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Heritage and history inform works of art
STUDENT ARTIST PRESENTS PAINTINGS TO CLASSES
24 June 2013

BISMARCK (UTN) - United Tribes Technical College art student Cody Carlson says he was exploring his own heritage and history when he painted remarkable American Indian leaders in acrylic colors on large canvases.


Art student Cody Carlson presenting his work to humanities and art students.
Submitted photo

      An enrolled member of the Northern Cheyenne Tribe in Montana, Carlson presented three of his works to students and instructors in two United Tribes classes.

      Depicted in the vividly-colored images that appear so different than the historic photos they came from, are important tribal leaders of the 19th Century: Chief Joseph of the Nez Perce; Dull Knife and Little Wolf, both Cheyenne; and Sitting Bull, Hunkpapa Lakota.

      In the April presentation to the Introduction to Humanities class and the Art Marketing class, Carlson explained that these representations are done as modern paintings using modern techniques. By exploring his own heritage and history he is bringing it into the present.

"These paintings give me more meaning than I could ever give them."
Artist Cody Carlson

Carlson is careful about the meaning of these paintings. He says that he, as the artist, does not give meaning to these tribal leaders and their historical experiences, but rather, the artistic process gives meaning to his own life.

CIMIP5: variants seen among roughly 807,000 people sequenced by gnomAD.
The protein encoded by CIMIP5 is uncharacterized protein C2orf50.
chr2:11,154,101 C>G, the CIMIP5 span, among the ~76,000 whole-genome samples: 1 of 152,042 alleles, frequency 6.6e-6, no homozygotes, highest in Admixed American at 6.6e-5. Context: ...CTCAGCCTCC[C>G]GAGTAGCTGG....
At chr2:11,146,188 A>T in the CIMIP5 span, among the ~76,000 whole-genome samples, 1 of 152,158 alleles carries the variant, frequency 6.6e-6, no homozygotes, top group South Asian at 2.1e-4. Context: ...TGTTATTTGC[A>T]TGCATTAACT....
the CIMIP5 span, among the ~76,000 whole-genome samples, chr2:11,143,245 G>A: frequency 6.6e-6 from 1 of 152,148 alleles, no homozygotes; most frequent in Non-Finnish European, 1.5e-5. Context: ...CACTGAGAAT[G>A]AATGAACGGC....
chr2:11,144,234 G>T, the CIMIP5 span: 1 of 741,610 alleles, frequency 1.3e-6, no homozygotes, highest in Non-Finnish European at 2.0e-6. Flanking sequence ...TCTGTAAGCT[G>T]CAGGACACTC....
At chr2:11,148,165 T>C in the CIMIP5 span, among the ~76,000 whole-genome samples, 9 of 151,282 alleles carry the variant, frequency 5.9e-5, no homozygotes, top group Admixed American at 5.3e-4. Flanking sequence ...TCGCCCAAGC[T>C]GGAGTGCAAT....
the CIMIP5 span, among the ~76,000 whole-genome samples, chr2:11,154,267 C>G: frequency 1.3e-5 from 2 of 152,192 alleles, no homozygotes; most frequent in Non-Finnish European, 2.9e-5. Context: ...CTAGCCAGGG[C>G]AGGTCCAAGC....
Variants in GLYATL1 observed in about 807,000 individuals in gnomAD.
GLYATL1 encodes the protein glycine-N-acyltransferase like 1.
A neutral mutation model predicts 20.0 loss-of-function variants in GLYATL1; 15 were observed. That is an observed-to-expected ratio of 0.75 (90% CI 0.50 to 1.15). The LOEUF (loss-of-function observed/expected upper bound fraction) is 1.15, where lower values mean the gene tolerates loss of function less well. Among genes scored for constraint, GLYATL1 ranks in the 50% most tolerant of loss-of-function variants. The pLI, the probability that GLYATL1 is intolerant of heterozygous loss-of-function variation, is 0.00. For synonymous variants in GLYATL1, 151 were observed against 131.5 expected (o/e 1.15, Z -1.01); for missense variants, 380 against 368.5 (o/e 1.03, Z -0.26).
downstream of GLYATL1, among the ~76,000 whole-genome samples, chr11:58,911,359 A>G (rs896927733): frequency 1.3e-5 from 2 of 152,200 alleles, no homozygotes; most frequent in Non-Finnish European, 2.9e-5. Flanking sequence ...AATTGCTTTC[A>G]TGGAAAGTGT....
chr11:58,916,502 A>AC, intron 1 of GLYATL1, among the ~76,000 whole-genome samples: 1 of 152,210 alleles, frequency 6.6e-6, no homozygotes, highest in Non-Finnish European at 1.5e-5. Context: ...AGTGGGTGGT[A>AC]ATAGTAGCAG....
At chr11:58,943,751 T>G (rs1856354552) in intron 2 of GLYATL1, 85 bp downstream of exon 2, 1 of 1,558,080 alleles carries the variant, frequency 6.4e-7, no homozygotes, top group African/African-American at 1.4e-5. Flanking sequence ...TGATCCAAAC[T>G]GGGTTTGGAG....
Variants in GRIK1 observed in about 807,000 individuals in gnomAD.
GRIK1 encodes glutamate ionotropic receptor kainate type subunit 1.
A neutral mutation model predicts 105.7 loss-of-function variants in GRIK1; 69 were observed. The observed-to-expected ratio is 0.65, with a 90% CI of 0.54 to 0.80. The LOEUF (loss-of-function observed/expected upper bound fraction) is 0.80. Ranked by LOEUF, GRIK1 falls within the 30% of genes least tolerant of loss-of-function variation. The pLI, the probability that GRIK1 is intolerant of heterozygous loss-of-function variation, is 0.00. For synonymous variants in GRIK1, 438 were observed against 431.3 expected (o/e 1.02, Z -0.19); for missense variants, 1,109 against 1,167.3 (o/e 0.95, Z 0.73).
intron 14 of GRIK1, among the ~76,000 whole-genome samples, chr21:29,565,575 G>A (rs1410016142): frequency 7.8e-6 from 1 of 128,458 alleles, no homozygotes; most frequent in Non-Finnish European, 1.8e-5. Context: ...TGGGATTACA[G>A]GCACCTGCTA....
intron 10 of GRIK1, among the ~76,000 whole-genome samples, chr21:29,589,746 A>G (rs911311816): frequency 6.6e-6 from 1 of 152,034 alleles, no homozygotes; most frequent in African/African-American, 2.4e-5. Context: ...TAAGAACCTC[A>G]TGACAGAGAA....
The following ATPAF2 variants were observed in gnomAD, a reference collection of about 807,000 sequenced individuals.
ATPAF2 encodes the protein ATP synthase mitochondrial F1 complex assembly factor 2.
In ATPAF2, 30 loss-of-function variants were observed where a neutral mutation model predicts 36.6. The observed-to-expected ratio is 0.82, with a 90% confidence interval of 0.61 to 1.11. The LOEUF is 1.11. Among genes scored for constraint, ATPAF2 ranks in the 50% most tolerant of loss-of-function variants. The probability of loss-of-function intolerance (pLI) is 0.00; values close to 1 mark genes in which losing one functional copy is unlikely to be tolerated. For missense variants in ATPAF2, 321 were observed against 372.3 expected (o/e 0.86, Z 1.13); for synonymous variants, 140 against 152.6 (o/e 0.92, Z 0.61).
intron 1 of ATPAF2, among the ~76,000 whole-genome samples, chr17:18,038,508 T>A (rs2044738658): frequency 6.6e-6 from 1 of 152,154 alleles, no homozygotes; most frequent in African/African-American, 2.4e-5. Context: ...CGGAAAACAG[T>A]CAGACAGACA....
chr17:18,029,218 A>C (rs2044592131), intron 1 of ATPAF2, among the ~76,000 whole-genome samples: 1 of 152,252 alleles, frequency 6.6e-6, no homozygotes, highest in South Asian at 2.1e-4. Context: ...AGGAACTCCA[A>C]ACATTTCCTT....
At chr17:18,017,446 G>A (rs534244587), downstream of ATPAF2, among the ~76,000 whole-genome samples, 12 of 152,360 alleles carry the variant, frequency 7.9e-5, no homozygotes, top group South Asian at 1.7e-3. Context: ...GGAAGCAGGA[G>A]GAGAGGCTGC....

During a discussion and question period, students and instructors expressed their reactions.

      Humanities instructor Brian Palecek said the presentation was one of the most intellectually stimulating and satisfying experiences he has had in 25 years of teaching at United Tribes.

      "This was very moving to me but also very intriguing," said Palecek. "I'm fascinated with Cody's comment that he gets meaning from the process of creating works of art of his Native background."

      Graphic Design/Marketing instructor Colleen Bredahl says Carlson is very passionate about painting traditional, cultural art in a modern way.

      "All drawings used in his paintings have meaning to his culture and tradition," said Bredahl. "He's very selective about what he paints; they all tell a story."

      Making a connection with the past is what inspired Carlson to use these particular images. "The idea of attaching myself to the images of my past through using my passion for paints, I could bridge a bond between my past and myself," he said. "So that's why I say these paintings give me more meaning than I could ever give them."

      Carlson's Chief Joseph canvas measures 30x40; Dull Knife and Little Wolf 48x24; and Sitting Bull 30x40.

      More information: Colleen Bredahl 701-255-3285 x 1419, cbredahl@uttc.edu.

 

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